ELEVATE: Generation Citizen

A non-profit program teaches students action civics.

OKLAHOMA CITY (Dec. 5, 2019) – Homelessness, hungry children, gun violence and pollution are just a few of the issues Oklahoma students are tackling through a social studies program called Generation Citizen.

“Our whole mission is to ensure every student across the country receives at least one semester of high-quality action civics before they graduate,” said Amy Curran, executive director of Generation Citizen in Oklahoma. “We very intentionally focus on local government because real change happens at the local level, and that’s where students can have influence.”

Generation Citizen is a non-profit that works directly with teachers and administrators. It offers training and support to bring action civics into the classroom. The organization works with 25 schools in 10 cities throughout the state.

Next week, more than 180 students will attend Generation Citizen’s Fall Civics Day at Oklahoma City Community College to share their semester-long work on local issues. Civics Day is like a science fair, where students will present their action projects to a range of community members.

“We’re not of voting age yet. We don’t feel like we can make an impact on the community through legislation or protesting. We feel like we have to wait until we’re adults to make change. With this program, I feel like we are able to, and I feel like that’s really cool,” said Maggie Housley, eighth-grade student.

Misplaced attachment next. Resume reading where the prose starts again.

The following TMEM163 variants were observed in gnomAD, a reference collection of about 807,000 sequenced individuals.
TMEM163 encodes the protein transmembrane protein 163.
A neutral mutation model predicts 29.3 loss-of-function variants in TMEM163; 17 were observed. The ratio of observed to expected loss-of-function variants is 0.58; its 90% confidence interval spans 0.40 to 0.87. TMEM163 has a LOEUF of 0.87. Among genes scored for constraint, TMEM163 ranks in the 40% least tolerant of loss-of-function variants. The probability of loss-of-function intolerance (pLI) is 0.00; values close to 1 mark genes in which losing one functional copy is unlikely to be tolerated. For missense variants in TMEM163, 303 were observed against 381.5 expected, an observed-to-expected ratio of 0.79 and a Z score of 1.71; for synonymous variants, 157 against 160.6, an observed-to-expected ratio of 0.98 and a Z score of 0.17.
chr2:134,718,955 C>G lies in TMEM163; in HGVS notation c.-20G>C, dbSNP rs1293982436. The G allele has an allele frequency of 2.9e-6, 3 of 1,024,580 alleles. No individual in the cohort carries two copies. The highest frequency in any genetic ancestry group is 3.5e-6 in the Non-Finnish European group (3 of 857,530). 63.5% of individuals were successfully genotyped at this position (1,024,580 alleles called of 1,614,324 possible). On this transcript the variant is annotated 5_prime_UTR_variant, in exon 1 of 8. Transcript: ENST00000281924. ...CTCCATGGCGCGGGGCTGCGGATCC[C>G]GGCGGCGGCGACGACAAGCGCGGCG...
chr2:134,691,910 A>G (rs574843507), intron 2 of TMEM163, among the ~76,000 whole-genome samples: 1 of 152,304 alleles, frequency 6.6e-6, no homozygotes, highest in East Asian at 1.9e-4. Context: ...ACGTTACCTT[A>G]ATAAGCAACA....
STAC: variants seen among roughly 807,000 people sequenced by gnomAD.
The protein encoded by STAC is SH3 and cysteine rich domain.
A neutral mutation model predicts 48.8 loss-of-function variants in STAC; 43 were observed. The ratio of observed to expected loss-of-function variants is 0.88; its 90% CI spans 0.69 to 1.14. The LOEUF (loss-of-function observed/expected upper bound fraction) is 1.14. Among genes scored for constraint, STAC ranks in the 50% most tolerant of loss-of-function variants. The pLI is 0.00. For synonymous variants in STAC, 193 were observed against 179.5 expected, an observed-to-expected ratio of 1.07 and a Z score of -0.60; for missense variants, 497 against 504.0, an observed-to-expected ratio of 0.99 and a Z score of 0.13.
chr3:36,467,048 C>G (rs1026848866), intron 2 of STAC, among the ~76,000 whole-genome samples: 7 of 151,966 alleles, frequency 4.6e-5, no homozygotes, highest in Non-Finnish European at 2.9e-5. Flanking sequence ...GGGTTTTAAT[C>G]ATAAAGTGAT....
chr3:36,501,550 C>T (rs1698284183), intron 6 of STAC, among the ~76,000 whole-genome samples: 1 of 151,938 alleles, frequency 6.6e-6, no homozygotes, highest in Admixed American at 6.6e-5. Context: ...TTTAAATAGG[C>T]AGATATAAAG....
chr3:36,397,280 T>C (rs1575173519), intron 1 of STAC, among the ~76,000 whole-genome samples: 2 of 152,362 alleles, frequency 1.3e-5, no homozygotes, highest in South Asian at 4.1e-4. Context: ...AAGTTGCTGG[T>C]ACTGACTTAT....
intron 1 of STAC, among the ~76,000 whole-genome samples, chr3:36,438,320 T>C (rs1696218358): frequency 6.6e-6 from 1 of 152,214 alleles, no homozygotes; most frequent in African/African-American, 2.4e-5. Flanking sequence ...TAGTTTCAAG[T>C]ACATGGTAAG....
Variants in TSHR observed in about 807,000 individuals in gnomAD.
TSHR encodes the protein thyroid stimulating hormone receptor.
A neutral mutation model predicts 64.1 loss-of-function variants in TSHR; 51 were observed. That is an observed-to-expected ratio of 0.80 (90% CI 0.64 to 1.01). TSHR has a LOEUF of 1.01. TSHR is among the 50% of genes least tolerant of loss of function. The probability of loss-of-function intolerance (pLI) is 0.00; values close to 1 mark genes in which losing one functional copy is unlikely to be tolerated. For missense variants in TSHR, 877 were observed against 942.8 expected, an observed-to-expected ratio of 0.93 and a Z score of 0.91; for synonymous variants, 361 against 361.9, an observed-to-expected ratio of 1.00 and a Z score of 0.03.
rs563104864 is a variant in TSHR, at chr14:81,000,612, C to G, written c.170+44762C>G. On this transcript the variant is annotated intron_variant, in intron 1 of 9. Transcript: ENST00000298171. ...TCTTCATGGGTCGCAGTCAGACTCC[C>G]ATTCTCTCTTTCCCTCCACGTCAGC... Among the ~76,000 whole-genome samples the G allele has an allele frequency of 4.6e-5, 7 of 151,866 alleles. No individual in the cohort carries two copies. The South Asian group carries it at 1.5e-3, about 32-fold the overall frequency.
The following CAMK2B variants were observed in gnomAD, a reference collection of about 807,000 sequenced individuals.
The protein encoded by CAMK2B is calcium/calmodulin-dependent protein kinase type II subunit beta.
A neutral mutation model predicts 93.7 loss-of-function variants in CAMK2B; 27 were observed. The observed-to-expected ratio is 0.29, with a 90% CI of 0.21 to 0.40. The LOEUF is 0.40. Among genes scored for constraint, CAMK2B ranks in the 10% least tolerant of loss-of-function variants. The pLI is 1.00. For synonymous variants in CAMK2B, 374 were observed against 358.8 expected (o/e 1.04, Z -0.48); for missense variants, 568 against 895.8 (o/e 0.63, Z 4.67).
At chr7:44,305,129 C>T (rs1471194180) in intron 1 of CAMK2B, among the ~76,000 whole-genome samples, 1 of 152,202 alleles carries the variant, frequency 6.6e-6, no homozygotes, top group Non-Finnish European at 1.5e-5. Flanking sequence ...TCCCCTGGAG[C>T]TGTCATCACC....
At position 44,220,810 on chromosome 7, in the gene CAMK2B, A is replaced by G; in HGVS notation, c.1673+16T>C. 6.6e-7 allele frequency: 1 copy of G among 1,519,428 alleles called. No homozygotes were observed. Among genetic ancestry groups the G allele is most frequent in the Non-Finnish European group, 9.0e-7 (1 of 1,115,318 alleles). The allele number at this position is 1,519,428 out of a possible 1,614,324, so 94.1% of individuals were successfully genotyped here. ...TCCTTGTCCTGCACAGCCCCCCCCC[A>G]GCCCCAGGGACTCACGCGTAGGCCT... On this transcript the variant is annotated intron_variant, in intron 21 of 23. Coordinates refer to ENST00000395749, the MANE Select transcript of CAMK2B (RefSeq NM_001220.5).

“Students feel like their voices aren’t heard by adults, and we have to change that. We have to show them that we can make a change and so can you,” said Kaylyn Simmons, eighth-grade student.

In the spring of 2019, five classroom projects from the program became bills. All five made it through committee, and two made it to the Governor’s desk.

“It’s the future of social studies education and curriculum,” said Kenady Maynard, eighth-grade teacher at Alcott Middle School in Norman. “It takes a lot of pressuring your students to get outside their comfort zones, but to me, that’s what makes it great.”

To find out how to bring Generation Citizen to your school, go to www.generationcitizen.org.

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Last updated on December 5, 2019